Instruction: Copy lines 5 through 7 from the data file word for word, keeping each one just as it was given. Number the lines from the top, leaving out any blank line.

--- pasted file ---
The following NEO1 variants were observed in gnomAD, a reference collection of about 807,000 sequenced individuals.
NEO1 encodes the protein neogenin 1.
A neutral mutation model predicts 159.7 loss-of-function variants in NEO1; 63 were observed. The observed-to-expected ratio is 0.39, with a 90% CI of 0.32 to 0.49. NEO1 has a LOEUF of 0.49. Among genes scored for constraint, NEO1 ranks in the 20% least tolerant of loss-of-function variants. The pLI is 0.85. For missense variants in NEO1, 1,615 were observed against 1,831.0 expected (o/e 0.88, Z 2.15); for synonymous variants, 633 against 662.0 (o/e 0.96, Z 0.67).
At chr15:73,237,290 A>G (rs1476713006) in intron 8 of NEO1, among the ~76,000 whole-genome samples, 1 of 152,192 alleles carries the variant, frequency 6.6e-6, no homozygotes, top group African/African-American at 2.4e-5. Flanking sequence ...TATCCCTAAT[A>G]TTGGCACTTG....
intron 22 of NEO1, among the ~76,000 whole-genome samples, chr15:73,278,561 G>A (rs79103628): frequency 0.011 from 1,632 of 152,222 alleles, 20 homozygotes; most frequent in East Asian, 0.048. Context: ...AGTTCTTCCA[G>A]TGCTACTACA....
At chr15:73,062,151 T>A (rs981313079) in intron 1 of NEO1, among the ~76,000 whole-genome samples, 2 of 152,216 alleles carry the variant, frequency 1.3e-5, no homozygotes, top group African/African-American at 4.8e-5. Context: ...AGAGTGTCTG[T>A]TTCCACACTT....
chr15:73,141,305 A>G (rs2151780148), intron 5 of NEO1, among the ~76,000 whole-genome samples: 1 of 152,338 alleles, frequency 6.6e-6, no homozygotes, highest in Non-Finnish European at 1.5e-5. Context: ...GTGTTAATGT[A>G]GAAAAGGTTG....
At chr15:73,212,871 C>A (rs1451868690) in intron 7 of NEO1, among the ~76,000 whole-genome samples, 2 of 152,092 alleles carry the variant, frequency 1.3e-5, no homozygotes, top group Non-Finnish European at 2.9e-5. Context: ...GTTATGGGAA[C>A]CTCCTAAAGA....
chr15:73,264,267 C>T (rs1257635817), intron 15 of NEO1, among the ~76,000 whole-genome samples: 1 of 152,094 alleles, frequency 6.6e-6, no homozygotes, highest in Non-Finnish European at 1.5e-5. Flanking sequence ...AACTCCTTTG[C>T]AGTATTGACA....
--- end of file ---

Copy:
intron 22 of NEO1, among the ~76,000 whole-genome samples, chr15:73,278,561 G>A (rs79103628): frequency 0.011 from 1,632 of 152,222 alleles, 20 homozygotes; most frequent in East Asian, 0.048. Context: ...AGTTCTTCCA[G>A]TGCTACTACA....
At chr15:73,062,151 T>A (rs981313079) in intron 1 of NEO1, among the ~76,000 whole-genome samples, 2 of 152,216 alleles carry the variant, frequency 1.3e-5, no homozygotes, top group African/African-American at 4.8e-5. Context: ...AGAGTGTCTG[T>A]TTCCACACTT....
chr15:73,141,305 A>G (rs2151780148), intron 5 of NEO1, among the ~76,000 whole-genome samples: 1 of 152,338 alleles, frequency 6.6e-6, no homozygotes, highest in Non-Finnish European at 1.5e-5. Context: ...GTGTTAATGT[A>G]GAAAAGGTTG....